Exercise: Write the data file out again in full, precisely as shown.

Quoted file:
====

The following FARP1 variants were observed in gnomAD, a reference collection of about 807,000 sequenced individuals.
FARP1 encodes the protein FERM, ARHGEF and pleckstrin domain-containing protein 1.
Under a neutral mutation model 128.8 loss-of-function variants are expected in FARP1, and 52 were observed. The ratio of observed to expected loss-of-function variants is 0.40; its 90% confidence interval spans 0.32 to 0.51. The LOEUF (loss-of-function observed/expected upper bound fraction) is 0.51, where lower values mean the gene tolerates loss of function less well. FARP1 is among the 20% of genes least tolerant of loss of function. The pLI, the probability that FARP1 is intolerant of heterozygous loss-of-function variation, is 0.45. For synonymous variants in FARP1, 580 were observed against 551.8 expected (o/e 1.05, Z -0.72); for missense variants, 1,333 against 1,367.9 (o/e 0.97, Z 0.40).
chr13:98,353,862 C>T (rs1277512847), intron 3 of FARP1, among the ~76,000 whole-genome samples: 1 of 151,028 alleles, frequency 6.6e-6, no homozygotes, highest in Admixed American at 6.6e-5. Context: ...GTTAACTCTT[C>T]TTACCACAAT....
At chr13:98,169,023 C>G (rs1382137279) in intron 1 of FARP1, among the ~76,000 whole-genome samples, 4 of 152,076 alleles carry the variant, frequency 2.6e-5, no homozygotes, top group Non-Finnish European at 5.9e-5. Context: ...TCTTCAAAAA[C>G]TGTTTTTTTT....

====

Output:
The following FARP1 variants were observed in gnomAD, a reference collection of about 807,000 sequenced individuals.
FARP1 encodes the protein FERM, ARHGEF and pleckstrin domain-containing protein 1.
Under a neutral mutation model 128.8 loss-of-function variants are expected in FARP1, and 52 were observed. The ratio of observed to expected loss-of-function variants is 0.40; its 90% confidence interval spans 0.32 to 0.51. The LOEUF (loss-of-function observed/expected upper bound fraction) is 0.51, where lower values mean the gene tolerates loss of function less well. FARP1 is among the 20% of genes least tolerant of loss of function. The pLI, the probability that FARP1 is intolerant of heterozygous loss-of-function variation, is 0.45. For synonymous variants in FARP1, 580 were observed against 551.8 expected (o/e 1.05, Z -0.72); for missense variants, 1,333 against 1,367.9 (o/e 0.97, Z 0.40).
chr13:98,353,862 C>T (rs1277512847), intron 3 of FARP1, among the ~76,000 whole-genome samples: 1 of 151,028 alleles, frequency 6.6e-6, no homozygotes, highest in Admixed American at 6.6e-5. Context: ...GTTAACTCTT[C>T]TTACCACAAT....
At chr13:98,169,023 C>G (rs1382137279) in intron 1 of FARP1, among the ~76,000 whole-genome samples, 4 of 152,076 alleles carry the variant, frequency 2.6e-5, no homozygotes, top group Non-Finnish European at 5.9e-5. Context: ...TCTTCAAAAA[C>G]TGTTTTTTTT....